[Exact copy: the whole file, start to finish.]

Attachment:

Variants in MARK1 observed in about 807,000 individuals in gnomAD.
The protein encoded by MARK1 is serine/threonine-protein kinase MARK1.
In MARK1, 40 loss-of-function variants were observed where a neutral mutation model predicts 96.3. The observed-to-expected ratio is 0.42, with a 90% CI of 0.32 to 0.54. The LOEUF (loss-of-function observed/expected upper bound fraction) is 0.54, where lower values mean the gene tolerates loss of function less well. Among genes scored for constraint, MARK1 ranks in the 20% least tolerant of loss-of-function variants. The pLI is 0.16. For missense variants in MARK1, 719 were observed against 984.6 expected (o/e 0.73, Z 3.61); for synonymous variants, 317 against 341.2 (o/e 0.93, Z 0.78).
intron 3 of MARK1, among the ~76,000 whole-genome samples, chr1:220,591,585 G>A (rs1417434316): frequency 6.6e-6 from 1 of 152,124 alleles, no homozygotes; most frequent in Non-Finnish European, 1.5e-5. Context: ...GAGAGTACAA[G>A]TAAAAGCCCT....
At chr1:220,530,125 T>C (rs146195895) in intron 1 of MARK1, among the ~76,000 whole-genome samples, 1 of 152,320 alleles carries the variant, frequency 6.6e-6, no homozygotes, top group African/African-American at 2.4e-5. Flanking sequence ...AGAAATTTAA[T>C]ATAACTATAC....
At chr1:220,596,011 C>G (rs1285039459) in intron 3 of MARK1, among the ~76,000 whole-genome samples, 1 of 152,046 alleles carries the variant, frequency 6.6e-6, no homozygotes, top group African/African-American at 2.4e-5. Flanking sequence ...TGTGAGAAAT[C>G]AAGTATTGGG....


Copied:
Variants in MARK1 observed in about 807,000 individuals in gnomAD.
The protein encoded by MARK1 is serine/threonine-protein kinase MARK1.
In MARK1, 40 loss-of-function variants were observed where a neutral mutation model predicts 96.3. The observed-to-expected ratio is 0.42, with a 90% CI of 0.32 to 0.54. The LOEUF (loss-of-function observed/expected upper bound fraction) is 0.54, where lower values mean the gene tolerates loss of function less well. Among genes scored for constraint, MARK1 ranks in the 20% least tolerant of loss-of-function variants. The pLI is 0.16. For missense variants in MARK1, 719 were observed against 984.6 expected (o/e 0.73, Z 3.61); for synonymous variants, 317 against 341.2 (o/e 0.93, Z 0.78).
intron 3 of MARK1, among the ~76,000 whole-genome samples, chr1:220,591,585 G>A (rs1417434316): frequency 6.6e-6 from 1 of 152,124 alleles, no homozygotes; most frequent in Non-Finnish European, 1.5e-5. Context: ...GAGAGTACAA[G>A]TAAAAGCCCT....
At chr1:220,530,125 T>C (rs146195895) in intron 1 of MARK1, among the ~76,000 whole-genome samples, 1 of 152,320 alleles carries the variant, frequency 6.6e-6, no homozygotes, top group African/African-American at 2.4e-5. Flanking sequence ...AGAAATTTAA[T>C]ATAACTATAC....
At chr1:220,596,011 C>G (rs1285039459) in intron 3 of MARK1, among the ~76,000 whole-genome samples, 1 of 152,046 alleles carries the variant, frequency 6.6e-6, no homozygotes, top group African/African-American at 2.4e-5. Flanking sequence ...TGTGAGAAAT[C>G]AAGTATTGGG....